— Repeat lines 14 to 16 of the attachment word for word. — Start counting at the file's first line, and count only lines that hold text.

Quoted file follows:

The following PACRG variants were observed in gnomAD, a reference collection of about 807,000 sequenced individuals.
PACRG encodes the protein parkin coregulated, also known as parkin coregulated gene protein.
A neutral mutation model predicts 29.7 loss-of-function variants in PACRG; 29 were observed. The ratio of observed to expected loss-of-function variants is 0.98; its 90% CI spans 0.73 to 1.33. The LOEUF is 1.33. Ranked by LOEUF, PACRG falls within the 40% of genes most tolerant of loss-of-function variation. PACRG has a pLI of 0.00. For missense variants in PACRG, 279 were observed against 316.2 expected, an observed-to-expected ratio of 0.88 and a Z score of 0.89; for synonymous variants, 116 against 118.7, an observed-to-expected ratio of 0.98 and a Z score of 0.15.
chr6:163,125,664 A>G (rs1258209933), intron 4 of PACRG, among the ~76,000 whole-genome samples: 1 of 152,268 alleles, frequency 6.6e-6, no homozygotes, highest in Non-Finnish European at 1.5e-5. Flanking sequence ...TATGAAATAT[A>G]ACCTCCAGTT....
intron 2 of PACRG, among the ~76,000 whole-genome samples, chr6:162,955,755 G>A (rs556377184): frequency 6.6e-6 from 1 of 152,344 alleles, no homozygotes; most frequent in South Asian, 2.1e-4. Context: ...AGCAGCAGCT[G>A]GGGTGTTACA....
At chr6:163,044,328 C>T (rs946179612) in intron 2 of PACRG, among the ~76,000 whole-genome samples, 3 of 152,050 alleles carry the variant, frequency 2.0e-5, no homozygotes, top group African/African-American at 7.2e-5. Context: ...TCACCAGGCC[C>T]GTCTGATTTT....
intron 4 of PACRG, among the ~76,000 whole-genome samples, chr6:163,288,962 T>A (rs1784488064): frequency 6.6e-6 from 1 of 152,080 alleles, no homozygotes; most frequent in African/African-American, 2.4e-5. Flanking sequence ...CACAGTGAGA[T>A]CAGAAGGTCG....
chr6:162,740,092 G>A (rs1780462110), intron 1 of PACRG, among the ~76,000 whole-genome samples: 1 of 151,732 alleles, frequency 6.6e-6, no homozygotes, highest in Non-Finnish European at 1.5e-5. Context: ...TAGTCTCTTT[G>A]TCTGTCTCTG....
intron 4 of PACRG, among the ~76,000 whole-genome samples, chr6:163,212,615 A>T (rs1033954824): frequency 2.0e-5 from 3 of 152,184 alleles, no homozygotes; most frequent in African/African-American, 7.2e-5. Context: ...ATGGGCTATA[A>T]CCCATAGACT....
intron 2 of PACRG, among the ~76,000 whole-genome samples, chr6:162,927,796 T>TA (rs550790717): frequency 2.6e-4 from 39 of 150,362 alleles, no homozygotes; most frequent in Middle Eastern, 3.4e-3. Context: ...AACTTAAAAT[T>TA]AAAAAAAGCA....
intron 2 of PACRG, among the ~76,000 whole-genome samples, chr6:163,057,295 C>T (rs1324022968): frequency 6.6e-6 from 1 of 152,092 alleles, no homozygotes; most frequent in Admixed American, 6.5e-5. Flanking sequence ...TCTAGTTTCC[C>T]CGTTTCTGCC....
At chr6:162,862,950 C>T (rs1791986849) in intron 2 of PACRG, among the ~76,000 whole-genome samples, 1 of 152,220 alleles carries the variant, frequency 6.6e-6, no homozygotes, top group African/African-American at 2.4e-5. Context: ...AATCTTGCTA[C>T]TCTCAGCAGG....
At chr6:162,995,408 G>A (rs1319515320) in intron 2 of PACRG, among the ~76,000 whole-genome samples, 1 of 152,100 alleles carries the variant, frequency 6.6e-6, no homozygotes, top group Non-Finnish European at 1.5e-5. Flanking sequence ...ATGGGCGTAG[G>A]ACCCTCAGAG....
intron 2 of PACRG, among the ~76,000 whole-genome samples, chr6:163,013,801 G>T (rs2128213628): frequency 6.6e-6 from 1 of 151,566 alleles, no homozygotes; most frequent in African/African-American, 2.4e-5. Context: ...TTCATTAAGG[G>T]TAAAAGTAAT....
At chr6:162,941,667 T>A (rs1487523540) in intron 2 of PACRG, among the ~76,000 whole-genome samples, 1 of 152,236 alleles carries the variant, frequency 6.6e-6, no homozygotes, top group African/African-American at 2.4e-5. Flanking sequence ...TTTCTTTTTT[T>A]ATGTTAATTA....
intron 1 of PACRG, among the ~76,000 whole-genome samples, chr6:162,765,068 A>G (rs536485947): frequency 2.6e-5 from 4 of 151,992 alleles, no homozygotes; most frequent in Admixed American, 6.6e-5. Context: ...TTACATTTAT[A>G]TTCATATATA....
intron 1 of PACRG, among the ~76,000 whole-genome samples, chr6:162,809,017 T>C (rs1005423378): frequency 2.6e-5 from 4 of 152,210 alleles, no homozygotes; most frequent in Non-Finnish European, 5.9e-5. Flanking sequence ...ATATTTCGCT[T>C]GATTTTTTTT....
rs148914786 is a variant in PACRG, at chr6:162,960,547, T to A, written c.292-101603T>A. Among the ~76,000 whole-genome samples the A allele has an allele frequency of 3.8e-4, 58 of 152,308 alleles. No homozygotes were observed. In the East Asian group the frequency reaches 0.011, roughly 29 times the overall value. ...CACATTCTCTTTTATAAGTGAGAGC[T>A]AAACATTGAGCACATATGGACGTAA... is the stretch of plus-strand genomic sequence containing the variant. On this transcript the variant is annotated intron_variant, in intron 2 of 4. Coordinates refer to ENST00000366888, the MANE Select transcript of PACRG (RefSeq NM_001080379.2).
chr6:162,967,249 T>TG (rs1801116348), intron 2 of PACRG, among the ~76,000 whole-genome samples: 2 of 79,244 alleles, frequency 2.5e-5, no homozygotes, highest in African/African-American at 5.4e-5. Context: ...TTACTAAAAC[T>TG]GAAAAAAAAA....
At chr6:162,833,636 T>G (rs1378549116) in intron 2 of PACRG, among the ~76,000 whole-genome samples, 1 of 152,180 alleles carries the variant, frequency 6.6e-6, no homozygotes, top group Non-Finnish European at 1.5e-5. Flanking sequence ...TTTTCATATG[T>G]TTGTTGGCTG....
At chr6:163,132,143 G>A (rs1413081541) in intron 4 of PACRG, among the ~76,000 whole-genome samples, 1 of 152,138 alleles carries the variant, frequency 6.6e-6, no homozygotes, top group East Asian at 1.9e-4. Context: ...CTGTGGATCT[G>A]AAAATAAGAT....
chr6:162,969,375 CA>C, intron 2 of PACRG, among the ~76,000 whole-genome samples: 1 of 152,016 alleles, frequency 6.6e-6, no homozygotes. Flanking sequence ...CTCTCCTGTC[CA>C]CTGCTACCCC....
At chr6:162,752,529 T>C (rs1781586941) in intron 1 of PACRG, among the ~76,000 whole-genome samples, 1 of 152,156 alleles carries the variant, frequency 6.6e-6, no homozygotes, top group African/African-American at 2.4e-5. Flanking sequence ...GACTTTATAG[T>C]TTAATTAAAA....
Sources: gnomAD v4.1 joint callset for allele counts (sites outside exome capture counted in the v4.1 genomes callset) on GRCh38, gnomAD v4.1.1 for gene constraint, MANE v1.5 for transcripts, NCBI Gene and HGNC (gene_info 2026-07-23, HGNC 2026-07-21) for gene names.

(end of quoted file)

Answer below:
intron 2 of PACRG, among the ~76,000 whole-genome samples, chr6:163,013,801 G>T (rs2128213628): frequency 6.6e-6 from 1 of 151,566 alleles, no homozygotes; most frequent in African/African-American, 2.4e-5. Context: ...TTCATTAAGG[G>T]TAAAAGTAAT....
At chr6:162,941,667 T>A (rs1487523540) in intron 2 of PACRG, among the ~76,000 whole-genome samples, 1 of 152,236 alleles carries the variant, frequency 6.6e-6, no homozygotes, top group African/African-American at 2.4e-5. Flanking sequence ...TTTCTTTTTT[T>A]ATGTTAATTA....
intron 1 of PACRG, among the ~76,000 whole-genome samples, chr6:162,765,068 A>G (rs536485947): frequency 2.6e-5 from 4 of 151,992 alleles, no homozygotes; most frequent in Admixed American, 6.6e-5. Context: ...TTACATTTAT[A>G]TTCATATATA....